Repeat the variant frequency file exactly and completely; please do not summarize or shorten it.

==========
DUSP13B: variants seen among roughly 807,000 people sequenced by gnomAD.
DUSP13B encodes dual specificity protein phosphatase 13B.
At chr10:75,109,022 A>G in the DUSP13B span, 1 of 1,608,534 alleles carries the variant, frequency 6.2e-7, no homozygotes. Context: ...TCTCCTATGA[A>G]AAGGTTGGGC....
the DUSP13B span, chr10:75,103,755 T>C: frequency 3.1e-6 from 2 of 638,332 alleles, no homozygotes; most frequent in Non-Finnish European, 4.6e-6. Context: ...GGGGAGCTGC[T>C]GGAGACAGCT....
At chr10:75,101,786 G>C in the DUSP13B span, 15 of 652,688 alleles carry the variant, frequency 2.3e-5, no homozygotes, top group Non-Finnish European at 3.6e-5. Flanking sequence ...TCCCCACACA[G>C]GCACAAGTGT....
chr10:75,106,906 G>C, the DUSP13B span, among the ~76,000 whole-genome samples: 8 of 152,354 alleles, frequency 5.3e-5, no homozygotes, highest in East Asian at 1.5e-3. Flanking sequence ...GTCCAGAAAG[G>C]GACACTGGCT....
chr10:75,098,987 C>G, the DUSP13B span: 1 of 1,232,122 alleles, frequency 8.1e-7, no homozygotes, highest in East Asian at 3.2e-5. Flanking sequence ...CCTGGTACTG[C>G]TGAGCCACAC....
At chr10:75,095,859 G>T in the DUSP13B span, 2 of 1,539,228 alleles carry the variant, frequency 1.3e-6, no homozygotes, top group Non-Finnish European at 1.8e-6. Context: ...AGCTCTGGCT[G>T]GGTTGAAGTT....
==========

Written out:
DUSP13B: variants seen among roughly 807,000 people sequenced by gnomAD.
DUSP13B encodes dual specificity protein phosphatase 13B.
At chr10:75,109,022 A>G in the DUSP13B span, 1 of 1,608,534 alleles carries the variant, frequency 6.2e-7, no homozygotes. Context: ...TCTCCTATGA[A>G]AAGGTTGGGC....
the DUSP13B span, chr10:75,103,755 T>C: frequency 3.1e-6 from 2 of 638,332 alleles, no homozygotes; most frequent in Non-Finnish European, 4.6e-6. Context: ...GGGGAGCTGC[T>C]GGAGACAGCT....
At chr10:75,101,786 G>C in the DUSP13B span, 15 of 652,688 alleles carry the variant, frequency 2.3e-5, no homozygotes, top group Non-Finnish European at 3.6e-5. Flanking sequence ...TCCCCACACA[G>C]GCACAAGTGT....
chr10:75,106,906 G>C, the DUSP13B span, among the ~76,000 whole-genome samples: 8 of 152,354 alleles, frequency 5.3e-5, no homozygotes, highest in East Asian at 1.5e-3. Flanking sequence ...GTCCAGAAAG[G>C]GACACTGGCT....
chr10:75,098,987 C>G, the DUSP13B span: 1 of 1,232,122 alleles, frequency 8.1e-7, no homozygotes, highest in East Asian at 3.2e-5. Flanking sequence ...CCTGGTACTG[C>G]TGAGCCACAC....
At chr10:75,095,859 G>T in the DUSP13B span, 2 of 1,539,228 alleles carry the variant, frequency 1.3e-6, no homozygotes, top group Non-Finnish European at 1.8e-6. Context: ...AGCTCTGGCT[G>T]GGTTGAAGTT....